In a genre plagued by trivial rules, hardcore group Drug Church has rebelled by making their catchiest and most accessible set of songs yet with Tawny. Three years after Cheer, their most promising record, the band marks a new chapter in their decade-long run with Tawny. Stepping onto flowery pastures with shimmering instrumentation, but leaving a foot dangling in the nihilistic ditch that audiences connected with upon introduction.
The opening track, “Head Off” could almost be a melancholy alt rock song from the 80s. The story runs slightly parallel to the blissful guitar tracks of the time, being another Drug Church story about the failings of man. However the influences are still clear, and they wear the new sound well.
The band falls back to their old sound more with stunning results on the title track. If it being the namesake of the EP didn’t make it clear enough, the band assures listeners that “Tawny” is centerpiece with the first rip on guitar. The journey is as unrelenting as it is gratifying with aggressive riffs and anarchic lyrics that sounds like the best of Drug Church turned up to 10. Singer Patrick Kindlon combines familiar social commentary with a newfound acceptance of how shitty life can be as the chorus hits. Rather than going by sticking their heads in ovens, a standout lyrical theme from Cheer, the band goes out in a fit of laughter.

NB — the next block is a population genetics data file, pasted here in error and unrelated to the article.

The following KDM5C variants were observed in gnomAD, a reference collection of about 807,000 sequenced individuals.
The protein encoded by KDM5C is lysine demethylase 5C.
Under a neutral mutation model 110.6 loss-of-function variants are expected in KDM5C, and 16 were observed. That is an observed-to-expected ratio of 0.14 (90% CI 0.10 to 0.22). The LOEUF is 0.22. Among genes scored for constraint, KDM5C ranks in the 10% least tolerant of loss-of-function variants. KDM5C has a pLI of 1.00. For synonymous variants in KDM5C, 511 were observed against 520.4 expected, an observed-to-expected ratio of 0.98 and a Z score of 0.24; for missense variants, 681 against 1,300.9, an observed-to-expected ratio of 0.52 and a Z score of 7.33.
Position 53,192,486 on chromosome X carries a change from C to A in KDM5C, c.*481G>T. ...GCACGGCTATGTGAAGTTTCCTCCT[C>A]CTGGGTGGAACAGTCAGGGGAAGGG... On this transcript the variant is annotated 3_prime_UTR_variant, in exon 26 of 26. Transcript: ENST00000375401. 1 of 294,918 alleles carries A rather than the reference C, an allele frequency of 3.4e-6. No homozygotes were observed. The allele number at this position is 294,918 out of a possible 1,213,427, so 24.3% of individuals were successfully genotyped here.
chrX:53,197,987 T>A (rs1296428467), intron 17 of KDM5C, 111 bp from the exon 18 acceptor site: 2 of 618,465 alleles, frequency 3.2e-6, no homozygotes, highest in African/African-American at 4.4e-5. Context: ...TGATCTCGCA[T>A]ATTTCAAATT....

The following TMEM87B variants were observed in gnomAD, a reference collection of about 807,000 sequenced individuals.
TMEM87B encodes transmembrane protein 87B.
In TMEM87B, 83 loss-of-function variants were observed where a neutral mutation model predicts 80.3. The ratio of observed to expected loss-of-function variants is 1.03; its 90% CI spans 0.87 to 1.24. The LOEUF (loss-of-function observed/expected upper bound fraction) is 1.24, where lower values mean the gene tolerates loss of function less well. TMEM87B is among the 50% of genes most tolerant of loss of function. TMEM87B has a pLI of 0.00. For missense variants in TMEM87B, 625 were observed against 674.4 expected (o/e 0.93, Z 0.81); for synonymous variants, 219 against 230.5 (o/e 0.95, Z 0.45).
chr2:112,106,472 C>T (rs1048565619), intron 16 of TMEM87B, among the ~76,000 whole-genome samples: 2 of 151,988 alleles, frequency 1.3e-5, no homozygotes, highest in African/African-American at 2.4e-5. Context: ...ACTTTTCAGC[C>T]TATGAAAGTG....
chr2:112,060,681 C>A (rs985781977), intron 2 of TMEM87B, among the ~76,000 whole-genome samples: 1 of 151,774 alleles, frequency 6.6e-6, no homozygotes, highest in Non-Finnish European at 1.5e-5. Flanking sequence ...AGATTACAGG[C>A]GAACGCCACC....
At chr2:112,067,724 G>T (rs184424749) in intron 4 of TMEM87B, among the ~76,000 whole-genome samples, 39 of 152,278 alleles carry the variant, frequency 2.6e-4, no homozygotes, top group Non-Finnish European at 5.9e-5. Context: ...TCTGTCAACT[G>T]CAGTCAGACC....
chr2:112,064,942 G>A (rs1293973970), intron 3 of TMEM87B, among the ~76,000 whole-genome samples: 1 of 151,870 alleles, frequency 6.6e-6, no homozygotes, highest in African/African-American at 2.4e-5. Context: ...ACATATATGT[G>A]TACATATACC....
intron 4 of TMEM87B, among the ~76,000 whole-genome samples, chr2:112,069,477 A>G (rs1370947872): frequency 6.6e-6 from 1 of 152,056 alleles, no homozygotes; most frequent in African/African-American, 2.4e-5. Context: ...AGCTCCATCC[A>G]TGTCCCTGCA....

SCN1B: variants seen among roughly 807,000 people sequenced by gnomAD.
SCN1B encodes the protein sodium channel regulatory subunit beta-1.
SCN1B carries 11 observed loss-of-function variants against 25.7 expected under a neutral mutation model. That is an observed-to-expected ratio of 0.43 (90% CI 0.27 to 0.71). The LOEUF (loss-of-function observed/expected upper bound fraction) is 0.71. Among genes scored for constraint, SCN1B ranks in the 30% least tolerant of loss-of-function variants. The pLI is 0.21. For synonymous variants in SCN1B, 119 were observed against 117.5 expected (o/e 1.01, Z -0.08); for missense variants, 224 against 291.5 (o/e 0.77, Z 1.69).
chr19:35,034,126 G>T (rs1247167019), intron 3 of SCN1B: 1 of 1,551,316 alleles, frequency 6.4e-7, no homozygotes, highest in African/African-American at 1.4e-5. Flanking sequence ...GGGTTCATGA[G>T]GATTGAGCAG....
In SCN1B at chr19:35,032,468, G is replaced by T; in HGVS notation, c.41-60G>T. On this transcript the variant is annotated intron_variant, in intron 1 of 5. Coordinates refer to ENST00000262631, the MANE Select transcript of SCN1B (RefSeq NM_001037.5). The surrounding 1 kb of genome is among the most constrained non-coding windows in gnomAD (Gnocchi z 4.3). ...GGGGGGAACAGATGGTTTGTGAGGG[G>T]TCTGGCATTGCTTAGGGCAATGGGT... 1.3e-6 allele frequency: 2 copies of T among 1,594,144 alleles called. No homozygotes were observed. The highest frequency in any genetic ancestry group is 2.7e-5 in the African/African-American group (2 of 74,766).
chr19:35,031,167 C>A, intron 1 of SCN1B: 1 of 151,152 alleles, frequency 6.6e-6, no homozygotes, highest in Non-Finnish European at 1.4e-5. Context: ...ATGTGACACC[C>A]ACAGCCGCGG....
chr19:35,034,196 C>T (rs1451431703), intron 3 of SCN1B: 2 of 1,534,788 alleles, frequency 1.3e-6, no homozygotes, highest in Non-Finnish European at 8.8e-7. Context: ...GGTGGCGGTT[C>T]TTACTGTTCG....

Unafraid of death, the band uses “Bliss Out” as an interlude and final musing on what lies beyond the grave before closing out the project. It sounds closest to the music of the NY hardcore groups that preceded them. With a better sense of humor.
“Remember to Forget” ends the project with the same new light that it opened with. Lyrically, pop music is used as a metaphor for the futility of life. Musically, the band shows no animosity towards this style of music. The group is resolute in their decision to have a good time. If Tawny is any indication, more thrills are on the way.